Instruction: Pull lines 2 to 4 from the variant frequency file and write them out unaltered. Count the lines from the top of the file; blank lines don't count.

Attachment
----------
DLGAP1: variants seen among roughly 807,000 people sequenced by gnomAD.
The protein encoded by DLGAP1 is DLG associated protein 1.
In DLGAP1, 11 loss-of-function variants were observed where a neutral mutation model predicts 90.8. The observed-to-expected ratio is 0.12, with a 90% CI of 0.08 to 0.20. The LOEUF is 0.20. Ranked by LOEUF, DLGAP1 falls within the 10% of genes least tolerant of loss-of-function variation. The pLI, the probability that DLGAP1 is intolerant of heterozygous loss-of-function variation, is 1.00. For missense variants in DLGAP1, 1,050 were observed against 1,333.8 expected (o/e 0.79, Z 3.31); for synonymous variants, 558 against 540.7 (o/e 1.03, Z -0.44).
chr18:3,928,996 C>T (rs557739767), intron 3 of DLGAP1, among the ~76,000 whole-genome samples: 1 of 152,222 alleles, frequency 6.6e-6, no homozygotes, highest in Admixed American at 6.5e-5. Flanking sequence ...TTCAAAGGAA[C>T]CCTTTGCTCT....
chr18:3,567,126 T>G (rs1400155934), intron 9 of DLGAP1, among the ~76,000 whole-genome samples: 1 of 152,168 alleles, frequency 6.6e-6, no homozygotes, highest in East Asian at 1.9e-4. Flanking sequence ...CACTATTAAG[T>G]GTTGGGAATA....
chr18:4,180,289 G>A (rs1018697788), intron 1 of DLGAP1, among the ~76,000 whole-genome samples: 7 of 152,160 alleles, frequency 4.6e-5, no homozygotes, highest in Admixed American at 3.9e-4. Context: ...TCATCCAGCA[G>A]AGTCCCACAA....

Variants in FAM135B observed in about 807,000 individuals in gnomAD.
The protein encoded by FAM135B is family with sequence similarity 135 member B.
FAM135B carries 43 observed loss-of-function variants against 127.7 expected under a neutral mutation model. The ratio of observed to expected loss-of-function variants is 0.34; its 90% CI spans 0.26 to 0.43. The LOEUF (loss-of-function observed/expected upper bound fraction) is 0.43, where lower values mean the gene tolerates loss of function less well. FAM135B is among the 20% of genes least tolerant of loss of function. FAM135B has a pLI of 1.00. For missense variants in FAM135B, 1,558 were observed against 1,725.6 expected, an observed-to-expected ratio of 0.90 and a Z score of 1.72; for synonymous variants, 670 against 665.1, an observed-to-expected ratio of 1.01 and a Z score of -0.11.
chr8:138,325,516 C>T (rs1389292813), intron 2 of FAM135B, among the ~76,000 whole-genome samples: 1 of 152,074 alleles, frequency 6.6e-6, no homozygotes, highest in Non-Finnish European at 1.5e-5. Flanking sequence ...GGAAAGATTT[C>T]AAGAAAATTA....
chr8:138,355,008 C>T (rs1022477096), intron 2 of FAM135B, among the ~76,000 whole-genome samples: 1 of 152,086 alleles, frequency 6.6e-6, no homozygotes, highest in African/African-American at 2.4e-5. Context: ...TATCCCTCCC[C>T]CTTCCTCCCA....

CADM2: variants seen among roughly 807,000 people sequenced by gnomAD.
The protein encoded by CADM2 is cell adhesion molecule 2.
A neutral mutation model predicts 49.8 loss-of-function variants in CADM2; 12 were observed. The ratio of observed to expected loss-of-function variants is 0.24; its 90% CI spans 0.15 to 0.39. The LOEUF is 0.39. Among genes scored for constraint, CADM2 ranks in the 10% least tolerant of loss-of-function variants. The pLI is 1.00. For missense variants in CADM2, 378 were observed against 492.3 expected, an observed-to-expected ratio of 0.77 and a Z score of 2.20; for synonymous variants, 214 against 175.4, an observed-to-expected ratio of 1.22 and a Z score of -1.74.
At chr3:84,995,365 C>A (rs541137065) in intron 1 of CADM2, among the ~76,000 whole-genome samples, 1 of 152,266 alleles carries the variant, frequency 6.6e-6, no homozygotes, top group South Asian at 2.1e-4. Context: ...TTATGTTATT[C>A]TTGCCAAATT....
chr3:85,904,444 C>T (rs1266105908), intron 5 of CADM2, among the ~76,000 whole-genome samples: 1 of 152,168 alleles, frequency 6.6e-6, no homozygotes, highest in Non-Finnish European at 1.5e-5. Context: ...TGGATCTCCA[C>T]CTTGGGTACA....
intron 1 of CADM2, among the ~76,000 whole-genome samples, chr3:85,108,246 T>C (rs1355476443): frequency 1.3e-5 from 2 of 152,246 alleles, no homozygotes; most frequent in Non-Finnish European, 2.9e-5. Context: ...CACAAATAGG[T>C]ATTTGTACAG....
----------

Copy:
The protein encoded by DLGAP1 is DLG associated protein 1.
In DLGAP1, 11 loss-of-function variants were observed where a neutral mutation model predicts 90.8. The observed-to-expected ratio is 0.12, with a 90% CI of 0.08 to 0.20. The LOEUF is 0.20. Ranked by LOEUF, DLGAP1 falls within the 10% of genes least tolerant of loss-of-function variation. The pLI, the probability that DLGAP1 is intolerant of heterozygous loss-of-function variation, is 1.00. For missense variants in DLGAP1, 1,050 were observed against 1,333.8 expected (o/e 0.79, Z 3.31); for synonymous variants, 558 against 540.7 (o/e 1.03, Z -0.44).
chr18:3,928,996 C>T (rs557739767), intron 3 of DLGAP1, among the ~76,000 whole-genome samples: 1 of 152,222 alleles, frequency 6.6e-6, no homozygotes, highest in Admixed American at 6.5e-5. Flanking sequence ...TTCAAAGGAA[C>T]CCTTTGCTCT....